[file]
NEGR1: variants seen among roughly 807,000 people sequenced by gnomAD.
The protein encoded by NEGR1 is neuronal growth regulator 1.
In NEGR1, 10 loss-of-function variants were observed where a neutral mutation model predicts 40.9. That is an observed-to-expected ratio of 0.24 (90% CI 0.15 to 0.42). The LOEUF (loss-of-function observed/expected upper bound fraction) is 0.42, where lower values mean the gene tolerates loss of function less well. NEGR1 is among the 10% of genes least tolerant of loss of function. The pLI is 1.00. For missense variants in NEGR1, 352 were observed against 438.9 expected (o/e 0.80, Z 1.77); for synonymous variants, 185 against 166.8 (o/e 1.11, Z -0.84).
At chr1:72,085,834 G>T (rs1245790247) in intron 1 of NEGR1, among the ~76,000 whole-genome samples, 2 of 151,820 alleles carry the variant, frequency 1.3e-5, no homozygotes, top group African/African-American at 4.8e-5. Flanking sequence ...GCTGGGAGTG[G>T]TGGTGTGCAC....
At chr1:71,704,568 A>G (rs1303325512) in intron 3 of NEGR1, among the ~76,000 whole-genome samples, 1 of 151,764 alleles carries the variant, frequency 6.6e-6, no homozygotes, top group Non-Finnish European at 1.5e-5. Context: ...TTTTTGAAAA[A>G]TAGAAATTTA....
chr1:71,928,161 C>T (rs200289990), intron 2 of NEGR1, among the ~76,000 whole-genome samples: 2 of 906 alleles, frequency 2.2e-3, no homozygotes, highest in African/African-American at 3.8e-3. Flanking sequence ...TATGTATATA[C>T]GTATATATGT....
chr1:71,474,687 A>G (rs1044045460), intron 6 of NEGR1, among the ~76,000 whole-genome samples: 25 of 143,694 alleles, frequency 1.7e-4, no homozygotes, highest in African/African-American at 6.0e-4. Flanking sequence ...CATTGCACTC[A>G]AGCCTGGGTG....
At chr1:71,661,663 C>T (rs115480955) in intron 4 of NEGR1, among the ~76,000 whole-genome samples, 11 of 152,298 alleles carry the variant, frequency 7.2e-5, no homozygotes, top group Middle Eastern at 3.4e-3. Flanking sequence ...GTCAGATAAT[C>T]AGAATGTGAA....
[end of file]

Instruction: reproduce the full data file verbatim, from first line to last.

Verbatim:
NEGR1: variants seen among roughly 807,000 people sequenced by gnomAD.
The protein encoded by NEGR1 is neuronal growth regulator 1.
In NEGR1, 10 loss-of-function variants were observed where a neutral mutation model predicts 40.9. That is an observed-to-expected ratio of 0.24 (90% CI 0.15 to 0.42). The LOEUF (loss-of-function observed/expected upper bound fraction) is 0.42, where lower values mean the gene tolerates loss of function less well. NEGR1 is among the 10% of genes least tolerant of loss of function. The pLI is 1.00. For missense variants in NEGR1, 352 were observed against 438.9 expected (o/e 0.80, Z 1.77); for synonymous variants, 185 against 166.8 (o/e 1.11, Z -0.84).
At chr1:72,085,834 G>T (rs1245790247) in intron 1 of NEGR1, among the ~76,000 whole-genome samples, 2 of 151,820 alleles carry the variant, frequency 1.3e-5, no homozygotes, top group African/African-American at 4.8e-5. Flanking sequence ...GCTGGGAGTG[G>T]TGGTGTGCAC....
At chr1:71,704,568 A>G (rs1303325512) in intron 3 of NEGR1, among the ~76,000 whole-genome samples, 1 of 151,764 alleles carries the variant, frequency 6.6e-6, no homozygotes, top group Non-Finnish European at 1.5e-5. Context: ...TTTTTGAAAA[A>G]TAGAAATTTA....
chr1:71,928,161 C>T (rs200289990), intron 2 of NEGR1, among the ~76,000 whole-genome samples: 2 of 906 alleles, frequency 2.2e-3, no homozygotes, highest in African/African-American at 3.8e-3. Flanking sequence ...TATGTATATA[C>T]GTATATATGT....
chr1:71,474,687 A>G (rs1044045460), intron 6 of NEGR1, among the ~76,000 whole-genome samples: 25 of 143,694 alleles, frequency 1.7e-4, no homozygotes, highest in African/African-American at 6.0e-4. Flanking sequence ...CATTGCACTC[A>G]AGCCTGGGTG....
At chr1:71,661,663 C>T (rs115480955) in intron 4 of NEGR1, among the ~76,000 whole-genome samples, 11 of 152,298 alleles carry the variant, frequency 7.2e-5, no homozygotes, top group Middle Eastern at 3.4e-3. Flanking sequence ...GTCAGATAAT[C>T]AGAATGTGAA....